HEVINGHAM is a parish and widely scattered village 3½ miles south from Aylsham and 3 west from Buxton and Lamas station on the Great Esatern railway, on the road to Norwich station, in the Northern division of the county, South Erpingham hundred, Aylsham union and county court district, rural deanery of Ingworth and archdeaconry and diocese of Norwich. The church of St. Botolph is a large flint building in the Gothic style and has a chancel, nave, square tower and handsome porch: it was thoroughly restored and re-seated in 1881, and contains a peculiar font, with some figures in Gothic arches sculptured thereon, but much defaced. The register dates from the year 1654. The living is a rectory, yearly value £550, with 33 acres of glebe and residence, in the gift of Sir Thomas Beevor bart. and held since 1878 by the Rev. William Bowles B.A. of Corpus Christi College, Cambridge. The rectory is a pleasant building, surrounded by a thriving plantation: the Rev. Harry Dallimore is curate in charge. The Wesleyans, Wesleyan New Connexion and Primitive Methodists have chapels here. The poor's land consists of 8 acres in the parish of Aylsham; £54 14s. the produce of trees cut down on this land, and invested in £3 per Cent. Consols, is also a source of revenue to the poor; also Bulwer's charity of £21 yearly. There is an allotment of 146 acres cut for fuel. Rippon Hall, an Elizabethan brick mansion, is the seat of the Rev. Henry Philip Marsham B.C.L., J.P.; the park belonging thereto, about a mile from the mansion, now containing 180 acres, was granted in 1284 to the Bishops of Norwich who had a palace here and in 1581 Henry VIII. granted it to Sir James Bulleyn, of Blickling, from whom it descended to the Hobarts, afterwards Earls of Buckinghamshire, who sold it to the Marshams in 1659. The Rev. Henry Philip Marsham is lord of the manor of Cats-cum-Cricketots, and chief landowner, and William Forster esq is lord of Hevingham-with-Marsham. The soil is mixed; subsoil, gravel and sand. The chief crops are wheat, roots, barley and hay. The area is 2,855 acres; rateable value, £3,442; the population in 1881 was 764.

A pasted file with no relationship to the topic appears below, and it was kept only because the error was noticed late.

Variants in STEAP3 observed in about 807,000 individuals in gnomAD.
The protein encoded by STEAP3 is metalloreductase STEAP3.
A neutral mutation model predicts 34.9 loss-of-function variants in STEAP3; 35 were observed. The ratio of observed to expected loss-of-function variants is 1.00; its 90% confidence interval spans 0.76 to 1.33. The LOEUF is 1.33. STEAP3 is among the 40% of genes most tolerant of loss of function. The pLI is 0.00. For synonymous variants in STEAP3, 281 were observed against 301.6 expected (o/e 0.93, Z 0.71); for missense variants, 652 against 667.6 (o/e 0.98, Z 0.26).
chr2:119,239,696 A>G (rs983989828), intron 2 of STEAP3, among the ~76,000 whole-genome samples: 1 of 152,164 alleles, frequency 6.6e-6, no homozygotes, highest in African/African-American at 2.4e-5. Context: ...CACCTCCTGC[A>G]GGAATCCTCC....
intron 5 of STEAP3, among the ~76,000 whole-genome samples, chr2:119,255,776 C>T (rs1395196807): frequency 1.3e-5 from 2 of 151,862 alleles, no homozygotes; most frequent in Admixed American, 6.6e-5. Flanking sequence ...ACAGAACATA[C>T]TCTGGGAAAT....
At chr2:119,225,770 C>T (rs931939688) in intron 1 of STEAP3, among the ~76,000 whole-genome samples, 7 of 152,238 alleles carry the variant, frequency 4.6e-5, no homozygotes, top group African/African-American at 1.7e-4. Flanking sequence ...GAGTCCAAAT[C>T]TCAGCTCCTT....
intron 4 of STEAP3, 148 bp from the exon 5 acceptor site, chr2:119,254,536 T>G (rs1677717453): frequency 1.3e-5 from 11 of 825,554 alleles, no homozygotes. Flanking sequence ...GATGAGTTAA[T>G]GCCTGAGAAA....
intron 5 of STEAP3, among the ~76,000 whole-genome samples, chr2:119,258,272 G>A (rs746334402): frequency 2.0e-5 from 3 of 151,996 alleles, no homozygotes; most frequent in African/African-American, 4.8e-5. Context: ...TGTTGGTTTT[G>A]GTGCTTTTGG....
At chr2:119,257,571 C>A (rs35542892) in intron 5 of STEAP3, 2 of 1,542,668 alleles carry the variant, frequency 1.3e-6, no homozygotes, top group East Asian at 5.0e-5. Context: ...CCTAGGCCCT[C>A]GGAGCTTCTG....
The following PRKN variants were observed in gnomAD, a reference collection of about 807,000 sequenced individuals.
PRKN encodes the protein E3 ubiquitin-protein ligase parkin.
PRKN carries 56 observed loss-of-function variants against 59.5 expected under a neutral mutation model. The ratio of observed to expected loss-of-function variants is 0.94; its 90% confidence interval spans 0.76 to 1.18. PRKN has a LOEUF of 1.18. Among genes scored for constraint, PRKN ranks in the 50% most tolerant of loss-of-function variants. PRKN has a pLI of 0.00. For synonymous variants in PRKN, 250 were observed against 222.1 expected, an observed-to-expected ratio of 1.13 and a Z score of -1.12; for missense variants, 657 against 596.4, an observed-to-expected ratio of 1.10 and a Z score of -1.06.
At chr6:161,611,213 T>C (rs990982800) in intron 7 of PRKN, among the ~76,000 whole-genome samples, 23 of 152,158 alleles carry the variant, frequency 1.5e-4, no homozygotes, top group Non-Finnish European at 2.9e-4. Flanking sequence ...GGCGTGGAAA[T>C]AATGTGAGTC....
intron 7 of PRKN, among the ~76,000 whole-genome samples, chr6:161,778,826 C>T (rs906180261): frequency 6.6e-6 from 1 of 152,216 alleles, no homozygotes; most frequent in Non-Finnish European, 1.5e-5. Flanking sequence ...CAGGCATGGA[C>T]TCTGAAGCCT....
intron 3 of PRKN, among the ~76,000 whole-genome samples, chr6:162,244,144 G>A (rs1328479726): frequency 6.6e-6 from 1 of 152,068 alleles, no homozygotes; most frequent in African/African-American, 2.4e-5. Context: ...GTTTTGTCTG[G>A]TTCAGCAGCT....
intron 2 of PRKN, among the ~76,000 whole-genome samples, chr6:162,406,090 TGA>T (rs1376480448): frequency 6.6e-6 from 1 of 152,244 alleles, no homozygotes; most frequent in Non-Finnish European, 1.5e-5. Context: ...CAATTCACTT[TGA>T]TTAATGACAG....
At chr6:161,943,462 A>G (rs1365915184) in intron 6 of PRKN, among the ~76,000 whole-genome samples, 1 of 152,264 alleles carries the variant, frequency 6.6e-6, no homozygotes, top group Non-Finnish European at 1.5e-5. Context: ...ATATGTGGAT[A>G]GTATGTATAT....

POST MONEY ORDER & TELEGRAPH OFFICE & Savings Bank.--Michael Wade, receiver. Letters received from Norwich at 5.30 a.m.; delivery commences at 7 a.m.; dispatched at 5.40 p.m.; sunday 5.25 p.m.
A School Board of 5 members was formed in 1874; Hy. James Gidney, clerk to the Board
Board School, built in 1875 at a cost of £600 for 140 children, average attendance 112; Benjamin Parker, master; Miss Fanny Browne, mistress. The old free school has been incorporated in the Board school
1891 Census Names Index
White's 1845 and 1883 [GENUKI-NFK]
Hevingham Archeology [Norfolk Jeritage Explorer]
Hevingham smockmill [Jonathan Neville]
More on Hevingham [GENUKI-NFK]
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